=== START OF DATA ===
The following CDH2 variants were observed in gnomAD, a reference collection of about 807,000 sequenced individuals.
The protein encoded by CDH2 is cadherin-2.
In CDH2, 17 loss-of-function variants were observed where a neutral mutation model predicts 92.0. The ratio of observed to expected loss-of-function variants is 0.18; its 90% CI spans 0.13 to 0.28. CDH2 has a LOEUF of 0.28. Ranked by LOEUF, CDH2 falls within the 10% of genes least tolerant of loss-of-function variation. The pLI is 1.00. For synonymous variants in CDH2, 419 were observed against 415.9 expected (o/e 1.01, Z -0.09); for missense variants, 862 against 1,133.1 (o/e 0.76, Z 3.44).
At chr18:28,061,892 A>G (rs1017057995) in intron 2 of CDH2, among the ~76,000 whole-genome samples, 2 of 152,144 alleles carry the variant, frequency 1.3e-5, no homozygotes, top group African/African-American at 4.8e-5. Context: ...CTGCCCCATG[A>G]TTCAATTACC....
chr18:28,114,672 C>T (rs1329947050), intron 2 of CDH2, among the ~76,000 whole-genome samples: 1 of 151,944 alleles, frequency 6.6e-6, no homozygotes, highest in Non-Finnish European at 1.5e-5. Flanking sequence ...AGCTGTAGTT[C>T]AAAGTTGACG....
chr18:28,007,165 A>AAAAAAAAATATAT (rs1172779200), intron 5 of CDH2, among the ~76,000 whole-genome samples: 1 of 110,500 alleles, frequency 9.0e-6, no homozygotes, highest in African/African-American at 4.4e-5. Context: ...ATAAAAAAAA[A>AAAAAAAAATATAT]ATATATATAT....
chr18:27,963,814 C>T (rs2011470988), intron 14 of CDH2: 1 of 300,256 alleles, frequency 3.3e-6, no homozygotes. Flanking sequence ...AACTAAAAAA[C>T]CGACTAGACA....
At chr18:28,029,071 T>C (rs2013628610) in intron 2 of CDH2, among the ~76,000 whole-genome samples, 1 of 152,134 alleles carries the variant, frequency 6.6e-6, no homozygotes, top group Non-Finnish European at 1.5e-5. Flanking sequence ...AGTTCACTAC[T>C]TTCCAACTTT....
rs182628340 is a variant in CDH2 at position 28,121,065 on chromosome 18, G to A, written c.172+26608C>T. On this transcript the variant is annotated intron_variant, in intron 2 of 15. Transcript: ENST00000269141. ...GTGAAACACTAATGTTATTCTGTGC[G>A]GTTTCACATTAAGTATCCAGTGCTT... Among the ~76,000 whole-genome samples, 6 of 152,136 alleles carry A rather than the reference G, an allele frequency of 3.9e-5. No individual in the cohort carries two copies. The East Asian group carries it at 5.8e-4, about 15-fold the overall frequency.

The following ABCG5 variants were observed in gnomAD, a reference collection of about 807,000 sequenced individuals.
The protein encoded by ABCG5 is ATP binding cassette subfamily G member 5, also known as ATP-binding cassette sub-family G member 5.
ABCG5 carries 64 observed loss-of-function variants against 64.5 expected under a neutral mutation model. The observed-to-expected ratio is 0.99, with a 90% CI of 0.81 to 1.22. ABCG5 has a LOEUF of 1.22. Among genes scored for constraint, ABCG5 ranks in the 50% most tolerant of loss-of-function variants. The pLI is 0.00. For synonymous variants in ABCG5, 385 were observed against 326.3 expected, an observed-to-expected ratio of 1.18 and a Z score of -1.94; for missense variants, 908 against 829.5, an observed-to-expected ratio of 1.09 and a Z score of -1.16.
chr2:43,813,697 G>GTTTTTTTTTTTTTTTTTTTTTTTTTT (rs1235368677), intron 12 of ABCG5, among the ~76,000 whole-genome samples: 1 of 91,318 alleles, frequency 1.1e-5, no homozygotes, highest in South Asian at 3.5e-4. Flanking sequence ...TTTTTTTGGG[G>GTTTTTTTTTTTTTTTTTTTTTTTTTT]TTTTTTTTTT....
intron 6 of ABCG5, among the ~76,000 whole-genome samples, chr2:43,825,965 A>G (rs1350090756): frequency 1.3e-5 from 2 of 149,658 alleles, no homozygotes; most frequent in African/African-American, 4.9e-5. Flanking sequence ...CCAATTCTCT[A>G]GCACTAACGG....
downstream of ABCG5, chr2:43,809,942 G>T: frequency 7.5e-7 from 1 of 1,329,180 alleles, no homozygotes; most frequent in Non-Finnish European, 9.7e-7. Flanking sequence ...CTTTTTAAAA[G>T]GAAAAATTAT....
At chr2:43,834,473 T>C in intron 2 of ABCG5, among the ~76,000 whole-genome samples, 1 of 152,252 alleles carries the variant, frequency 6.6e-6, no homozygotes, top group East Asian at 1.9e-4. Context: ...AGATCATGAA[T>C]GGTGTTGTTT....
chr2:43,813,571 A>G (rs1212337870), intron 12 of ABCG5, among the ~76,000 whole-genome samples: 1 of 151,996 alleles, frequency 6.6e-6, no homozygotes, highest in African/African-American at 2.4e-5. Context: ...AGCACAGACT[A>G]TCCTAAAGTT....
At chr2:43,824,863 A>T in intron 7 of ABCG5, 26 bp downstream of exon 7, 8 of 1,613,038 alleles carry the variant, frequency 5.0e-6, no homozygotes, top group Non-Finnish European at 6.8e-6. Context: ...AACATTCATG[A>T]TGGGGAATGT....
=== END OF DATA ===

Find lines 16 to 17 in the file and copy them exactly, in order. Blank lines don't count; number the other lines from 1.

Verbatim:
At chr2:43,834,473 T>C in intron 2 of ABCG5, among the ~76,000 whole-genome samples, 1 of 152,252 alleles carries the variant, frequency 6.6e-6, no homozygotes, top group East Asian at 1.9e-4. Context: ...AGATCATGAA[T>C]GGTGTTGTTT....
chr2:43,813,571 A>G (rs1212337870), intron 12 of ABCG5, among the ~76,000 whole-genome samples: 1 of 151,996 alleles, frequency 6.6e-6, no homozygotes, highest in African/African-American at 2.4e-5. Context: ...AGCACAGACT[A>G]TCCTAAAGTT....